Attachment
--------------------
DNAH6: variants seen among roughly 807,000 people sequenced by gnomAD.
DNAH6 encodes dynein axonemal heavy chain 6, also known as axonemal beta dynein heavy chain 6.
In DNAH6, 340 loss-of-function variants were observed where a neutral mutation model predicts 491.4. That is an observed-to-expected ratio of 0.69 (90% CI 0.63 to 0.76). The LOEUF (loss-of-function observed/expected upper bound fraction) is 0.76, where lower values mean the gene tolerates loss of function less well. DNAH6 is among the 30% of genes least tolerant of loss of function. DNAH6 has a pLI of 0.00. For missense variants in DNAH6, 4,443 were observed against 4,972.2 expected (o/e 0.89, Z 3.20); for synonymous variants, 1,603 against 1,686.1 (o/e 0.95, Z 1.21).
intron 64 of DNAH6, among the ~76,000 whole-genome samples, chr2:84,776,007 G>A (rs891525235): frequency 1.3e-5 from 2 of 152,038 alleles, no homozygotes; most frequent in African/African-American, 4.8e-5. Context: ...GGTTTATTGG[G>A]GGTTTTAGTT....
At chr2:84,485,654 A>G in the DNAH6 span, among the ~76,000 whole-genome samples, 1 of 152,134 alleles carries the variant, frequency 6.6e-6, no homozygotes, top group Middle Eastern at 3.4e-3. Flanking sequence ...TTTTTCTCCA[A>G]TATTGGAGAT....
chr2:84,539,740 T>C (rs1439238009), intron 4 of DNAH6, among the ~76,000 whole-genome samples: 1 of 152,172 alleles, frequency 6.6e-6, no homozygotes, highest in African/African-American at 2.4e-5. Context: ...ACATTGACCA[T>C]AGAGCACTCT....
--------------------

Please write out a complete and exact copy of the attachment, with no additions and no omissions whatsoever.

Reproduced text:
DNAH6: variants seen among roughly 807,000 people sequenced by gnomAD.
DNAH6 encodes dynein axonemal heavy chain 6, also known as axonemal beta dynein heavy chain 6.
In DNAH6, 340 loss-of-function variants were observed where a neutral mutation model predicts 491.4. That is an observed-to-expected ratio of 0.69 (90% CI 0.63 to 0.76). The LOEUF (loss-of-function observed/expected upper bound fraction) is 0.76, where lower values mean the gene tolerates loss of function less well. DNAH6 is among the 30% of genes least tolerant of loss of function. DNAH6 has a pLI of 0.00. For missense variants in DNAH6, 4,443 were observed against 4,972.2 expected (o/e 0.89, Z 3.20); for synonymous variants, 1,603 against 1,686.1 (o/e 0.95, Z 1.21).
intron 64 of DNAH6, among the ~76,000 whole-genome samples, chr2:84,776,007 G>A (rs891525235): frequency 1.3e-5 from 2 of 152,038 alleles, no homozygotes; most frequent in African/African-American, 4.8e-5. Context: ...GGTTTATTGG[G>A]GGTTTTAGTT....
At chr2:84,485,654 A>G in the DNAH6 span, among the ~76,000 whole-genome samples, 1 of 152,134 alleles carries the variant, frequency 6.6e-6, no homozygotes, top group Middle Eastern at 3.4e-3. Flanking sequence ...TTTTTCTCCA[A>G]TATTGGAGAT....
chr2:84,539,740 T>C (rs1439238009), intron 4 of DNAH6, among the ~76,000 whole-genome samples: 1 of 152,172 alleles, frequency 6.6e-6, no homozygotes, highest in African/African-American at 2.4e-5. Context: ...ACATTGACCA[T>C]AGAGCACTCT....